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Student loan payments resume October 1 and could cause ‘extraordinary financial hardship’: How to prepare

"[Borrowers] risk being thrown into extraordinary financial hardship when their payments resume."

Senator Elizabeth Warren (D-MA), speaks to Charles P. Rettig, commissioner of the Internal Revenue Service, before he testifies during the Senate Finance Committee hearing titled The IRS Fiscal Year 2022 Budget, in Dirksen Senate Office Building in Washington, D.C., June 8, 2021.
Tom Williams | Pool | Reuters

Shortly after the onset of the coronavirus pandemic, lawmakers enacted student debt relief, setting federal student loan interest rates to 0% and pausing payments. Those protections are set to expire on October 1, 2021.

On Monday, Sens. Elizabeth Warren, D-MA, Tina Smith, D-MI, and Edward J. Markey, D-MA, sent letters to federal student loan servicers asking what steps they're taking to help borrowers transition back into paying. "Millions of borrowers have had relief from their student loan payments and interest for more than a year during the Covid-19 pandemic — but they now risk being thrown into extraordinary financial hardship when their payments resume," they wrote.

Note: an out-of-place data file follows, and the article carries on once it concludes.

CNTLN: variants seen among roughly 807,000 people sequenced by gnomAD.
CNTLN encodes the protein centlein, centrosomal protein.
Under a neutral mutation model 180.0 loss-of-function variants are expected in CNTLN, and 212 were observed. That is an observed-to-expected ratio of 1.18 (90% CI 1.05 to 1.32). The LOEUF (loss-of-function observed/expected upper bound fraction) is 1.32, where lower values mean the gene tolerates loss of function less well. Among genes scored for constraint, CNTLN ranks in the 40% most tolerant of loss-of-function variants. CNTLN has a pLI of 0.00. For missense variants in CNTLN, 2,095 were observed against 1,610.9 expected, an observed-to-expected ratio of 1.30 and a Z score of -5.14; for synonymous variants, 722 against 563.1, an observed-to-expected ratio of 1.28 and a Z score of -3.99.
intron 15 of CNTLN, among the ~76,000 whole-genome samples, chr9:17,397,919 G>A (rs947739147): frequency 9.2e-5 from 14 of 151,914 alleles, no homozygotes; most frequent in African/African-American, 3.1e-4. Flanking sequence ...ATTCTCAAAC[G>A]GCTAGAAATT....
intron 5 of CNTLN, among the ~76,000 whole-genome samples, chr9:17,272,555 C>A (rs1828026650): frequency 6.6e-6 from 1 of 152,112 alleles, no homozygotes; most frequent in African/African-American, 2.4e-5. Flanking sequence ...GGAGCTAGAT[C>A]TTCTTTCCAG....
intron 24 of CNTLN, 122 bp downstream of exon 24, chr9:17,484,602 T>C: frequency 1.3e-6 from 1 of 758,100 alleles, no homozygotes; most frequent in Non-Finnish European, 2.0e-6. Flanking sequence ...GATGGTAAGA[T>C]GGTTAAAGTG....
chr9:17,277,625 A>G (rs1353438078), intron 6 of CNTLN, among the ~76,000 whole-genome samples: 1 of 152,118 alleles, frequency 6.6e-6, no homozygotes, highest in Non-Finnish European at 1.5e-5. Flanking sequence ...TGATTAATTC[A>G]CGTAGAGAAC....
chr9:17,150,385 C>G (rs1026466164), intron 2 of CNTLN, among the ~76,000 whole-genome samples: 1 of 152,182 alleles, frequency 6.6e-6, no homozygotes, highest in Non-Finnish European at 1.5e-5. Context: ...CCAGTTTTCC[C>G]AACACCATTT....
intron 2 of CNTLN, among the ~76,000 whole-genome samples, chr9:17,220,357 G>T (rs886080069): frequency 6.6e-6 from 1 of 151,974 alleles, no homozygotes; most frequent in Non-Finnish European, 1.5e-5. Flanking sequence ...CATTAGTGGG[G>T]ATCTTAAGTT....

In the past, when the Department of Education implemented student loan forbearances, student loan delinquency often rose when payments resumed. Poor communication from servicers this fall could contribute to borrowers missing deadlines or defaulting. 

Paying off your student loans with Michael Torpey

Video by Ian Wolsten

Start setting aside part of your paycheck

Now is a good time to start preparing for payments to resume, experts say. For example, set aside part of your paycheck as if that loan payment is back in your budget to get accustomed to the change.

If the pandemic affected your finances, look into income-based repayment plan options.

These plans base payments on discretionary income, and some can drop payments as low as zero. "So, if their income has been reduced, they have the potential for their loan payment to be reduced as well," Matt Smartt, CFP, a wealth advisor with Henrickson Nauta Wealth Advisors in Belmont, Michigan, told Grow. "This is not the best long-term solution as it ultimately extends the payback term, but it can be a good solution in the short term if income is tight."

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